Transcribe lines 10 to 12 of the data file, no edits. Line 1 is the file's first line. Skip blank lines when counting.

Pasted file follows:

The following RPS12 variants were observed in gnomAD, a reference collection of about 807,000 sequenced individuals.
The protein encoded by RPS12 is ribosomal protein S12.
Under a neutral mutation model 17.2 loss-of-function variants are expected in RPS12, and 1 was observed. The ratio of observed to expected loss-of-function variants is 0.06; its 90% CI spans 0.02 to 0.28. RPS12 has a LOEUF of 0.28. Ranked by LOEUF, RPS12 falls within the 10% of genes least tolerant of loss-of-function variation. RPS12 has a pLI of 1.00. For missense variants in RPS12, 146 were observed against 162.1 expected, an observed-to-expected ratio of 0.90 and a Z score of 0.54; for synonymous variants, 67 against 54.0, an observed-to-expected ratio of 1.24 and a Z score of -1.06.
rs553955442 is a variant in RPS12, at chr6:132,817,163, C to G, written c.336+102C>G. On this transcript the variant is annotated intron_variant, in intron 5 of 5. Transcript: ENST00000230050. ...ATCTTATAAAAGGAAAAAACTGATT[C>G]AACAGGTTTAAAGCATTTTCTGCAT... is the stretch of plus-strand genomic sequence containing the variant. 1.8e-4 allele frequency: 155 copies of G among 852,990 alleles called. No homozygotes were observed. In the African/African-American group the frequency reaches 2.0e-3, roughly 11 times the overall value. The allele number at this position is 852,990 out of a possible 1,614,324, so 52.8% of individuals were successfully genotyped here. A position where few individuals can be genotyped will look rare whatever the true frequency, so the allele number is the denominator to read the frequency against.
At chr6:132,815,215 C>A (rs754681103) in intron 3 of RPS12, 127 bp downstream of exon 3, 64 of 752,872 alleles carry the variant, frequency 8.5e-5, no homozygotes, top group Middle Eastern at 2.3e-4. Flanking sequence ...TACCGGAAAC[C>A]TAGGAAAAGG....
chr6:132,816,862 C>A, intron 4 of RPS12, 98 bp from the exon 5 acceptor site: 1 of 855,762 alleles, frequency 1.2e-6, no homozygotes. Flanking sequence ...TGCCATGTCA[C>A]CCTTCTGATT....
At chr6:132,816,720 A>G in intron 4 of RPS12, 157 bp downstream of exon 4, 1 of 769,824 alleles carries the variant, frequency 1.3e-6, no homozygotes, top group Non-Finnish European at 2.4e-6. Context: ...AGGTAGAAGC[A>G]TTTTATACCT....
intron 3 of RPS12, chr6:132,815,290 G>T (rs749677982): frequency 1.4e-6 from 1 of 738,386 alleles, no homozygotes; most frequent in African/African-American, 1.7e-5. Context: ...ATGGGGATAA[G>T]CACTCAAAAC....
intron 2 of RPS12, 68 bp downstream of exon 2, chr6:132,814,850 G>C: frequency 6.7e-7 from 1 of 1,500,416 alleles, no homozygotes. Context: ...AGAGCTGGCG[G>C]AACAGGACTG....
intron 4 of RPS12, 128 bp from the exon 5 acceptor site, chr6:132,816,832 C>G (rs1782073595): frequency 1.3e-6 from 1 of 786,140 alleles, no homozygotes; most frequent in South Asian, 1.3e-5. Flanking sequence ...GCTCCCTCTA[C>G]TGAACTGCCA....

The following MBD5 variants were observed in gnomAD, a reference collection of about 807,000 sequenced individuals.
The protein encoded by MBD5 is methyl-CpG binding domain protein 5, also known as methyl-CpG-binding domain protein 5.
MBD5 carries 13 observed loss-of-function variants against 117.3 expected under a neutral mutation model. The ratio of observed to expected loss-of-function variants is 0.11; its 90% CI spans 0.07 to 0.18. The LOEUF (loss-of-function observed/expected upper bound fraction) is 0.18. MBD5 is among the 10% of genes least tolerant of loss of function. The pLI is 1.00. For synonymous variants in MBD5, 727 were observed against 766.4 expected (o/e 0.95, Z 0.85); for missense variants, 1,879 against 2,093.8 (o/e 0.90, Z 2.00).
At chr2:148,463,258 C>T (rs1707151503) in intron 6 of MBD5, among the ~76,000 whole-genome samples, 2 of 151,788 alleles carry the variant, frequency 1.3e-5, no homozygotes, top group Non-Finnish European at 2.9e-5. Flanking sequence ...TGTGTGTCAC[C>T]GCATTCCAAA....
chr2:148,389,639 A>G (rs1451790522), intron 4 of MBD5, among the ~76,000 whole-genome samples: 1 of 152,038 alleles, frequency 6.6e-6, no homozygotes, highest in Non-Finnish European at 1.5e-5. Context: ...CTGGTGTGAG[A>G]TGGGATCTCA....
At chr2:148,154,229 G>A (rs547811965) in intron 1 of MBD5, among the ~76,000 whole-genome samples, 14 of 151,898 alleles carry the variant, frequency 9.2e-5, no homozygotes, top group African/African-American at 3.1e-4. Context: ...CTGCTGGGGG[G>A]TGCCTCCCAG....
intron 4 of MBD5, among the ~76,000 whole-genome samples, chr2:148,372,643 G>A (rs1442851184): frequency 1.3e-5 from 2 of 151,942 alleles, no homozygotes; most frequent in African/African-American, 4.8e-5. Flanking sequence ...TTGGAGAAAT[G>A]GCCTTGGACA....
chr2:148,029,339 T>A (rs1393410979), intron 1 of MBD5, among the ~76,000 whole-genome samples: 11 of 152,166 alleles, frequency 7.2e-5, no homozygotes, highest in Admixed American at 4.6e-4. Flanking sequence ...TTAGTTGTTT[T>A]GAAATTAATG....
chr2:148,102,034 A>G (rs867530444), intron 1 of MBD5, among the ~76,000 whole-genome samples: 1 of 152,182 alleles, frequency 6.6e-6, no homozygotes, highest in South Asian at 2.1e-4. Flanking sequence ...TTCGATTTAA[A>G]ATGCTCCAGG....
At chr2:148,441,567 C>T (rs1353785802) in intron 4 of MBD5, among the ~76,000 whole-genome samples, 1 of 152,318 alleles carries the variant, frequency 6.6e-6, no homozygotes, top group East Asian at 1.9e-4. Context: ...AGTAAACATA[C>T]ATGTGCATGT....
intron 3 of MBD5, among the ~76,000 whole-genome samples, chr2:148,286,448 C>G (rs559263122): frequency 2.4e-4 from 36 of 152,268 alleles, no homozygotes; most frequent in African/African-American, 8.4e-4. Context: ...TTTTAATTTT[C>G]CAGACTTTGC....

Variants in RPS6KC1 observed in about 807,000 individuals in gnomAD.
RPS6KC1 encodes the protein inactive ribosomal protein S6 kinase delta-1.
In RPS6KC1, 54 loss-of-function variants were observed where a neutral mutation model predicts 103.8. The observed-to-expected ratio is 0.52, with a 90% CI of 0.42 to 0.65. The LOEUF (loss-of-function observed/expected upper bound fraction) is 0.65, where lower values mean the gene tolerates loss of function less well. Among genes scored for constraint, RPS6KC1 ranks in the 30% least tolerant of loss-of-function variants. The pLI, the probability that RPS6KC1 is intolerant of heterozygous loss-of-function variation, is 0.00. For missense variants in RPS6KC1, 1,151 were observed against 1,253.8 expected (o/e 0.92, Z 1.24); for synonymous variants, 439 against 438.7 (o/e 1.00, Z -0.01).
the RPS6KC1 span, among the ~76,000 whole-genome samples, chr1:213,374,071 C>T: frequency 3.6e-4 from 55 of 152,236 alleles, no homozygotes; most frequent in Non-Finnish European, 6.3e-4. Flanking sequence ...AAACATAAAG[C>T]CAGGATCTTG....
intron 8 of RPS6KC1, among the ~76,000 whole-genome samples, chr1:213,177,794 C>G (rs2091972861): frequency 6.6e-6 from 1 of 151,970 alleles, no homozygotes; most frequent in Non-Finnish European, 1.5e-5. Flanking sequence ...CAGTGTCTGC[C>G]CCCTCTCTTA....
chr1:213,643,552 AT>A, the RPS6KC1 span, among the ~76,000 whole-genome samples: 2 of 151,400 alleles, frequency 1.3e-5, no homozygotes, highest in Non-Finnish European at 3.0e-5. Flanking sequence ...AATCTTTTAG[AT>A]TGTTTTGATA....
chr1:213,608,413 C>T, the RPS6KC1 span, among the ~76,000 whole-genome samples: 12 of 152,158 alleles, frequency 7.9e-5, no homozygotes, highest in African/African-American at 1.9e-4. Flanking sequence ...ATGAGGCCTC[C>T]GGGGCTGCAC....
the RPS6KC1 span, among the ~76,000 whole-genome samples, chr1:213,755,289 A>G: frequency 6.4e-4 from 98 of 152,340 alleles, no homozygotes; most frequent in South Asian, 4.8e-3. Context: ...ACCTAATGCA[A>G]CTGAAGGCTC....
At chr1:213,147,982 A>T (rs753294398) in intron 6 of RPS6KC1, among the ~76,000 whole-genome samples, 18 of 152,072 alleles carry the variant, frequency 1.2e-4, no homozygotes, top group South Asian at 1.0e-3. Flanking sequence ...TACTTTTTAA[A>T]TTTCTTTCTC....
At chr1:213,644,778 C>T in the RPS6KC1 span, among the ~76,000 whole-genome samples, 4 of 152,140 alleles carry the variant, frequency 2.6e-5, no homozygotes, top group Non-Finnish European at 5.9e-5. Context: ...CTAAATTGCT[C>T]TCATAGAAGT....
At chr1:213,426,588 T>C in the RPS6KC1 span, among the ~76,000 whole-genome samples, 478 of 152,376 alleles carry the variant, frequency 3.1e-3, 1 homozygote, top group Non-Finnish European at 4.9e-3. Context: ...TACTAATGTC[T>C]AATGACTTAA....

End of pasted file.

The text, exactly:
intron 4 of RPS12, 128 bp from the exon 5 acceptor site, chr6:132,816,832 C>G (rs1782073595): frequency 1.3e-6 from 1 of 786,140 alleles, no homozygotes; most frequent in South Asian, 1.3e-5. Flanking sequence ...GCTCCCTCTA[C>G]TGAACTGCCA....

The following MBD5 variants were observed in gnomAD, a reference collection of about 807,000 sequenced individuals.
The protein encoded by MBD5 is methyl-CpG binding domain protein 5, also known as methyl-CpG-binding domain protein 5.